We’ve slogged through many years of daily news about the oil industry globally, nationally and locally. We’ve read of myriad deals among corporations and nations eager to acquire wealth by supplying us with the oozy remains of long-dead dinosaurs. We’ve cringed at every “spill” (you gotta hand it to whomever co-opted that relatively benign word so it’s used irrespective of the volume of oil released), and we’ve been horrified at the huge blowouts such as BP’s famed 3-month gusher in the Gulf of Mexico.
Lately, we’ve experienced fracking, that lightly regulated practice of dumping exotic mixes of toxic chemicals (usually vaguely identified) and millions of gallons of precious water deep underground in an effort to force out oil and gas. We’ve also learned to fear the long-time object of America’s affection, the trains, as they began hauling volatile crude in tanker cars prone to rupturing when derailed, threatening horrendous conflagrations such as the one at Lac-Mégantic in Quebec.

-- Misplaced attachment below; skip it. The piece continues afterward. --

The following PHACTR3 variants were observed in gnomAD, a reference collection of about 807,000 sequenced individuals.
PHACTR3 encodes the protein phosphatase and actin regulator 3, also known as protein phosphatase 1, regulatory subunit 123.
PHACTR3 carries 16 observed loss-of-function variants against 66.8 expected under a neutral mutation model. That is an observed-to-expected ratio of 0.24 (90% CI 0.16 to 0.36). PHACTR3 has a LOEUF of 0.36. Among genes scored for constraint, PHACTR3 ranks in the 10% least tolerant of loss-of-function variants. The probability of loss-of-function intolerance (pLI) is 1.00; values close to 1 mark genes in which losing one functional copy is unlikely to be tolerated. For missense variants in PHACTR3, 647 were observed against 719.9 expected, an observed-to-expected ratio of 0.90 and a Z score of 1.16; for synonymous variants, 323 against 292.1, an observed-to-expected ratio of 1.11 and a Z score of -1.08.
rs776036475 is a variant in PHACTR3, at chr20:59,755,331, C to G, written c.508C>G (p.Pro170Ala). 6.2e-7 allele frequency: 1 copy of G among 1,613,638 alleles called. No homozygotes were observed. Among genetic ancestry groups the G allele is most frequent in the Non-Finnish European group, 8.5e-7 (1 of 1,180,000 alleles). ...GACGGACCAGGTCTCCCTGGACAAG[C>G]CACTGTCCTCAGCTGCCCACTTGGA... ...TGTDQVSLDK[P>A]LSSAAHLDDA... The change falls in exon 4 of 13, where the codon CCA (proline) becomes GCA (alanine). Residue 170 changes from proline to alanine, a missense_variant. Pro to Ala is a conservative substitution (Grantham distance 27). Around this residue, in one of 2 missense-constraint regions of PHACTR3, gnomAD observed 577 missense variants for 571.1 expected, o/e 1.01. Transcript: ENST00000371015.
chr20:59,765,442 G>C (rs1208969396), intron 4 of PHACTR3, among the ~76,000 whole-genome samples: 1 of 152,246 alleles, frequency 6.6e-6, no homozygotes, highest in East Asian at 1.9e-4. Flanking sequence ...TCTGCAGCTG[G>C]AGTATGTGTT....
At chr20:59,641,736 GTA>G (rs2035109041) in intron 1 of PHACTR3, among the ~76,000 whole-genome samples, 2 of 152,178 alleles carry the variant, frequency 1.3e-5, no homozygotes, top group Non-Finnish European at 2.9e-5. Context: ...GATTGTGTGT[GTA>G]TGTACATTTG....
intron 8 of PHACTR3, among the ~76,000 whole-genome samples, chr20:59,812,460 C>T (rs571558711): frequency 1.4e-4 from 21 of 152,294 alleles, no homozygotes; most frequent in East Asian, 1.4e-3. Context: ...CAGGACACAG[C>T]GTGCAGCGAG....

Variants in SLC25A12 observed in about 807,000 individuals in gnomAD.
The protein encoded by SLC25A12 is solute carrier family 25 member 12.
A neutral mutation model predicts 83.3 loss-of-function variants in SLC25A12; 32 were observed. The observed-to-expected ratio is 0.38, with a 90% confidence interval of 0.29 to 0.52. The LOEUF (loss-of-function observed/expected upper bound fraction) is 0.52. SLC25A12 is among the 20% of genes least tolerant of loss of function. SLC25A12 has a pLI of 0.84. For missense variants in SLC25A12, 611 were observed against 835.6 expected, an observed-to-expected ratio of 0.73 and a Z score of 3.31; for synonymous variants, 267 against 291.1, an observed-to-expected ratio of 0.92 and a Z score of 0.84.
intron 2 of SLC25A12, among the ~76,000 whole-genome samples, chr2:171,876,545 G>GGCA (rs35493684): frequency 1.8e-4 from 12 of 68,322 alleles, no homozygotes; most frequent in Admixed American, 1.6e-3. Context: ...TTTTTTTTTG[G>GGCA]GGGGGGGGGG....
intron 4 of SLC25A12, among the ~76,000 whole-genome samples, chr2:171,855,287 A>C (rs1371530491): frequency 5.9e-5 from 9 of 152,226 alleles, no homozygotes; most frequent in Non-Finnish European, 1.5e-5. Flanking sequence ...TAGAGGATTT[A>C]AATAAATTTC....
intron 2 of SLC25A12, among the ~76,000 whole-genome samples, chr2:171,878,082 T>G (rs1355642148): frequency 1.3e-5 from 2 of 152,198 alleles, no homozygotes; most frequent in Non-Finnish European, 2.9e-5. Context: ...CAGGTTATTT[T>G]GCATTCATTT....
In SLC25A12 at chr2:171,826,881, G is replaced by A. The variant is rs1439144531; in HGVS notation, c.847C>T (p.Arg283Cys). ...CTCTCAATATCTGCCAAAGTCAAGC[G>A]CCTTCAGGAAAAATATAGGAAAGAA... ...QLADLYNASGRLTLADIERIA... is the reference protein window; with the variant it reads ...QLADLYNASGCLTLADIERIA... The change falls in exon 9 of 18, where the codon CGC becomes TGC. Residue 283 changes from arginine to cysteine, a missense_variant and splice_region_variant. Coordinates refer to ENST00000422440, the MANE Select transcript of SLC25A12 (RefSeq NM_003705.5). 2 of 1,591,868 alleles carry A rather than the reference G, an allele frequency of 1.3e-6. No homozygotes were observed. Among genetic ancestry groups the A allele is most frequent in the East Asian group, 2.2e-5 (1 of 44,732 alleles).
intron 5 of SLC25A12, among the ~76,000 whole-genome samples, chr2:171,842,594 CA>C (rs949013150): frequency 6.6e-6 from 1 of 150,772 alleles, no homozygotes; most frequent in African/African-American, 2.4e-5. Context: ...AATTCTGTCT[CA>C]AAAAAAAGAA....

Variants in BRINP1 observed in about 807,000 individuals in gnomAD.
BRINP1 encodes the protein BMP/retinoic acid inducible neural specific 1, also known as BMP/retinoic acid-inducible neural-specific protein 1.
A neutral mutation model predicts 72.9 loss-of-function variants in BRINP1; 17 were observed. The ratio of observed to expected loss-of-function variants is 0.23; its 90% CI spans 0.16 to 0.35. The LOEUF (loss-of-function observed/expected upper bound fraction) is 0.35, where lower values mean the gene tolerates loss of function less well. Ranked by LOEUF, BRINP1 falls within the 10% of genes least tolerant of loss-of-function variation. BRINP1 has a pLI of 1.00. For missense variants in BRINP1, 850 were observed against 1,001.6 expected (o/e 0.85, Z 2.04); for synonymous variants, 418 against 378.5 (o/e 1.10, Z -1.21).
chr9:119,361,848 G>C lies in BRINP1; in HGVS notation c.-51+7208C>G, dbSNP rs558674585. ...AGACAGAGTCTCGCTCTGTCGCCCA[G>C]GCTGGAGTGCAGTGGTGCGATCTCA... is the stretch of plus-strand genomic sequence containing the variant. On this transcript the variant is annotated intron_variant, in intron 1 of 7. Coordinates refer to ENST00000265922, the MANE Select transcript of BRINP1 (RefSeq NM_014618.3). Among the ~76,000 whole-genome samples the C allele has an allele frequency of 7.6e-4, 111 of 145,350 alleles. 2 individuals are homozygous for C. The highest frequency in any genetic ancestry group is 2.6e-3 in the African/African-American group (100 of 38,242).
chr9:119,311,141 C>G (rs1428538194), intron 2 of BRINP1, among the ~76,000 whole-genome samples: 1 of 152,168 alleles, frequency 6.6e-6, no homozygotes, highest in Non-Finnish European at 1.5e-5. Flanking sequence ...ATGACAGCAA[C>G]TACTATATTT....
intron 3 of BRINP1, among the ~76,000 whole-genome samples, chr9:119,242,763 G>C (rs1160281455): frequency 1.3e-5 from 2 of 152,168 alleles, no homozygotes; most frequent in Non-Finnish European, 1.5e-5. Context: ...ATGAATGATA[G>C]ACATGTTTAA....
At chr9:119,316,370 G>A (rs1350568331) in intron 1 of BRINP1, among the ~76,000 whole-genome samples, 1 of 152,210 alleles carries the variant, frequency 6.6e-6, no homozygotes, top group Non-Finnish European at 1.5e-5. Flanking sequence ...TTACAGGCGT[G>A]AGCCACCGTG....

But, cheer up, folks! In the midst of all this negativity comes what just might be the first rays of a brighter (in more ways than one) and better future for a world burning itself up by flagrant production of carbon and on the verge of extinguishing its most imperfect species, us. Three impressive publications on this subject were just released by three impressive institutions in the first three days of this month.
Brief summaries, appetite-whetters, follow: